Supreme Court did not get the opportunity to hear the parties in 2016 and 2017 because of repeated undertakings made by the Centre, saying they had not taken any decision on GM mustard
The Government of India (GoI) is misleading the Supreme Court on the controversial Genetically Modified (GM) mustard issue, the Coalition of GM-free India alleged November 28, 2022. The coalition is an informal network of organisations and individuals campaigning to keep India GM-Free.
It has been opposing the GoI’s recent move to grant environmental clearance for GM mustard.
The Genetic Engineering Appraisal Committee, a body of the Union Ministry of Environment, Forest and Climate Change (MoEF&CC), had recommended the environmental release of the seed for trials, demonstrations and seed productions October 18, 2022.
After its approval, the coalition members approached the Supreme Court to oppose the decision. The Supreme Court has scheduled a hearing November 29.
The GoI violated its own undertaking with the court. It amounted to contempt of court when it planted seeds in six locations in November, members of the coalition said.
The Supreme Court did not get the opportunity to hear the parties in 2016 and 2017 because of repeated undertakings made by the GoI, saying they had not taken any decision on GM mustard, they added.
Now a fait accompli stands delivered by the central government, its regulators and the MoEF&CC, said Kapil Shah, a coalition member.
This indicates that within a week, “the pollens from recently sown GM mustard seeds will start contaminating the non-GM mustard fields with transgenes, causing harmful and irreversible damage to the environment,” he said.
The sown plants must be uprooted immediately to prevent damage and protect the mustard diversity in India, Shah added.
The government has been misleading with incorrect information at five levels, said Kavitha Kuruganti, another member of the coalition.
“The central government claims that the recommendations from the SC’s Technical Expert Committee report are implemented,” she said.
The report demands that herbicide-tolerant (HT) corps that would threaten biodiversity should not be introduced. On the contrary, GM mustard is an HT crop, Kuruganti said.
“The HT quality of the crop is determined by the use of genes inserted in it and what traits the plant acquires in the process,” she said.
The bar gene inserted in the plant in the genetic modification process makes it tolerant to herbicides and kills the weed around it. The GM mustard crop will not survive if it is not HT. But with the spray of harmful herbicides such as glufosinate, the weeds around it will die, she said.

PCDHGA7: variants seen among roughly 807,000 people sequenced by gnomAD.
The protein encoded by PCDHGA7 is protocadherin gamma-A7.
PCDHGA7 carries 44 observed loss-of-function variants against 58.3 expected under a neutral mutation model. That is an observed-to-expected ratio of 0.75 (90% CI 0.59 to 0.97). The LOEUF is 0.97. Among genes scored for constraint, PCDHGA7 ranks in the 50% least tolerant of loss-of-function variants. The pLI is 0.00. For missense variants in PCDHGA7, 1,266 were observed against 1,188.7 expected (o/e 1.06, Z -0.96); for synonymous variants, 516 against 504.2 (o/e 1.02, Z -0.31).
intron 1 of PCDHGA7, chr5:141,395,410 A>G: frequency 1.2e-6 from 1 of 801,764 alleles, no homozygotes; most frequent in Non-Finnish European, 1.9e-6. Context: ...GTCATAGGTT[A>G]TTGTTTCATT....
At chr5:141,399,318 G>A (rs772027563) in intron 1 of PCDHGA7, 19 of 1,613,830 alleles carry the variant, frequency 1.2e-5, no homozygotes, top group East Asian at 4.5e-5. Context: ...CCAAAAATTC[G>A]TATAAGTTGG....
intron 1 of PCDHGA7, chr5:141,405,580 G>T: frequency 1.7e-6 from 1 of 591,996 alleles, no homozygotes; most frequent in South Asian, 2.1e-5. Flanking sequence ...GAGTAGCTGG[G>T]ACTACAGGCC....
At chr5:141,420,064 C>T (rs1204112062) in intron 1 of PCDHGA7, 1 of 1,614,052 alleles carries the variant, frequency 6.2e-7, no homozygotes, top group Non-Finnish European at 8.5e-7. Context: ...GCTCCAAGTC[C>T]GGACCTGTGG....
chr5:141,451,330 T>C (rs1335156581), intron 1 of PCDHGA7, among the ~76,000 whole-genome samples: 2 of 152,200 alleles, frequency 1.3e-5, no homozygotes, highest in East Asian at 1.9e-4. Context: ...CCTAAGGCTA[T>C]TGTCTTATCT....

Moreover, she claimed that it would be unrealistic to expect the control of herbicide use in a country like India, where it is widely used for HT cotton.
The GoI claims that the hybrid seed is achieved with careful selection of parents and not because of the three genes — bar, barnese and barstar — used in the GM process, Kuruganti said.
“But on the other hand, no such claim has been mentioned in the submitted documents of the Dhara Mustard Hybrid (DMH-11),” she said.
There are no studies mentioned. Hence the claim that the GM mustard will significantly increase the mustard yield in the country and reduce import costs is unscientific and baseless, she added.
The member said there is no evidence that the GM mustard delivers a higher yield than other non-GM hybrid mustard varieties available in the market.
There is no evidence to support the claim that farmers, the environment and agricultural workers will receive significant benefits, Kuruganti said.
“The Union government claims that the GM-based pollination control technology is better than non-GM hybridisation technology. But the seed production for GM mustard itself is risky, unproven and unnecessary,” she said.
Kuruganti explained that the people at large and the environment are being exposed to the risk of GMOs, including the spraying of Glufosinate herbicide on three occasions.
“The first will be during the maintenance and multiplication of parental lines, later during the hybrid seed production and finally when the farmers grow HT GM at a commercial level,” she said.
She also called India’s regulatory regime claiming gene technology robust and science-based false. The point is untrue as the number of biosafety and required tests performed for GM mustard at far less than that were undertaken for BT Brinjal.
An HT crop has not been tested as herbicide-tolerant so far and India has no regulatory protocols in place.“Moreover, there have been no health experts on the panel during the previous tests,” she said.
“India’s mustard production has significantly increased over the years. The average yield today is 1.5-2 tonnes per hectare,” said Dhiraj singh, the former director of ICAR-Directorate of Rapeseed Mustard Research.
It can be increased to three tonnes by adopting effective sowing techniques.
Some farmers in Rajasthan and Uttar Pradesh already reported yields of up to 3.8 tonnes per hectare. We do not need GM mustard for India, he said.
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